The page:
Wednesday, September 14, 2005

We wish to be less influential

The New York Times will shortly lock its op-eds and archives behind a paywall.

OK, then

Bush is doing something I didn't expect from him. He's learning.

Monday, September 12, 2005

First, do no good

The other day it was mentioned to me and my lovely spouse that all professions, not just medical doctors, ought to take a kind of Hippocratic Oath. In that case it was a college professor wondering if he ought to vow to "first, do no harm," but logically, we all agreed that the oath could as fruitfully be uttered by dental assistants, auto mechanics, and furniture salesmen.

Apparently now we must add the police to the list of oath-takers. Now I am aware of the average American socialist's penchant for rabble-rousing exaggeration, but apparently this latest outrage from the Man does contain a kernel of truth. Strange days.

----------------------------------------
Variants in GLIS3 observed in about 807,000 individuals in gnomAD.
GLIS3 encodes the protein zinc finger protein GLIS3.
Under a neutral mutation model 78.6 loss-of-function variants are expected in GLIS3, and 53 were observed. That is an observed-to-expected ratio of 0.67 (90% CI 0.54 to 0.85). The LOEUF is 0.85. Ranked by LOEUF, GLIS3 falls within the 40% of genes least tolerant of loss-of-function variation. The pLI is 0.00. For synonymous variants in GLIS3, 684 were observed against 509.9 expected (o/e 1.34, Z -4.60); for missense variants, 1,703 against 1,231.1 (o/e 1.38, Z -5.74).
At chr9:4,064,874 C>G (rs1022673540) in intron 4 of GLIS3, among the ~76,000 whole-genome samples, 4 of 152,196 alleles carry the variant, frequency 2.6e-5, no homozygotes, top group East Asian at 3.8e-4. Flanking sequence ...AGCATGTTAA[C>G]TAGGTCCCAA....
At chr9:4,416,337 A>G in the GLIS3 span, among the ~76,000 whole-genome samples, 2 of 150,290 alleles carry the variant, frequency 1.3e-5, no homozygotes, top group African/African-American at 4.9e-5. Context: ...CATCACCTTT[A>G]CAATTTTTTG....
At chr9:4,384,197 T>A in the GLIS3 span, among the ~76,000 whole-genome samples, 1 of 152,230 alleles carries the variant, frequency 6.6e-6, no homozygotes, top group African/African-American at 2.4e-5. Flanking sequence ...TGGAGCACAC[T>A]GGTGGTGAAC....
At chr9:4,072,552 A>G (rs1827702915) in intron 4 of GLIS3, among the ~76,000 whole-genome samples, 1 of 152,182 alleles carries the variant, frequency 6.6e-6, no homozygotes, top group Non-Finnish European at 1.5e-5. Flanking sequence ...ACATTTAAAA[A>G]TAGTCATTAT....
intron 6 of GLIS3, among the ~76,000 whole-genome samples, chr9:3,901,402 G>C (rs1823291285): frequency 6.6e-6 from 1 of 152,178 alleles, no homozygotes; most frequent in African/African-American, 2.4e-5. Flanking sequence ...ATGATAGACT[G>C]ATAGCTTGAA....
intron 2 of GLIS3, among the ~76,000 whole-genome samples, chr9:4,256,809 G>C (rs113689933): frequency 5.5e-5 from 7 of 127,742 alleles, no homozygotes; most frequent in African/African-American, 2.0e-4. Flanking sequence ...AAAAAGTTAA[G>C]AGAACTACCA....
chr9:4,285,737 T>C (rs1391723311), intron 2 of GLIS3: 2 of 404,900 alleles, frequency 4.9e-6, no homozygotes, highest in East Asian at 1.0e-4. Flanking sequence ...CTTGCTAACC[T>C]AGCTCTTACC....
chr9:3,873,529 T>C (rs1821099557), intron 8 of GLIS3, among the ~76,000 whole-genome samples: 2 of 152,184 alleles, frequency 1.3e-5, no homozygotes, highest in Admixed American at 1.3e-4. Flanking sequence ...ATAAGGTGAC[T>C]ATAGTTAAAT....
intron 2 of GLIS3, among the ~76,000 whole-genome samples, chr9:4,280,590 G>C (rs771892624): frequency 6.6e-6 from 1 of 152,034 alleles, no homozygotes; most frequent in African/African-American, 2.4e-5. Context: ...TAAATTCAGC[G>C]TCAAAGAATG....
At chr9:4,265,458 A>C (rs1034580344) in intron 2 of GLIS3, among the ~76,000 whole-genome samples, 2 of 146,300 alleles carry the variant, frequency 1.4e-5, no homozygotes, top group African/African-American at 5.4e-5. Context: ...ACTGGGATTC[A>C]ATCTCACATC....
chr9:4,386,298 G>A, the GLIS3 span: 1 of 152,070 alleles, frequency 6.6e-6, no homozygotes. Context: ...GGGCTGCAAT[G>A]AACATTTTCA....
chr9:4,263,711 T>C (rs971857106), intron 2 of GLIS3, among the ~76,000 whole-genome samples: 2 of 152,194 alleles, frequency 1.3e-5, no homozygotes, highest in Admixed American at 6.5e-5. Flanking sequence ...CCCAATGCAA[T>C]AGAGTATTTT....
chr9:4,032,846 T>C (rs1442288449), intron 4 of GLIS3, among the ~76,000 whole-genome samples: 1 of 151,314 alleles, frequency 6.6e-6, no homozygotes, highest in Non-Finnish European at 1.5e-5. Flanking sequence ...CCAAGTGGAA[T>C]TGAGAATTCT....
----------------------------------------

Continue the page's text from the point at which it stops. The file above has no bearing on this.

Friday, September 09, 2005

From the Dept. of Misanthropy

"The second message is about the Y chromosome - what in the human
species determines gender. For a long time (centuries perhaps?)
the Y chromosome has been decaying. It has lost many of its
genes, and become much less healthy. If this continues, it will
go away. And if it goes away, there will be no men. And of
course, with no men, there are no women either. Delightful book."

(John Matlock, "Gunny," reviewing Bryan Sykes's Adam's Curse

Monday, September 05, 2005

Fire them all. He shall know His own

What did they know and when did they know it?

FEMA knew last year.

Friday, September 02, 2005

Modern evil

I am so angry I can hardly think straight enough to post.

I just saw a body – a dead body, an American, in America – on the national news. NBC, actually. Whoever it was sat in the sun for five days until they died. No help. No food. No water. Elsewhere a man sick with cancer died for lack of oxygen. He and his wife were two of the obstinate ones who refused to leave – they simply refused to have a car, refused to be healthy enough to move.

An old lady died waiting. Yes, that's a dead woman in the chair. Maybe it's a Photoshop job. It illustrates the reality.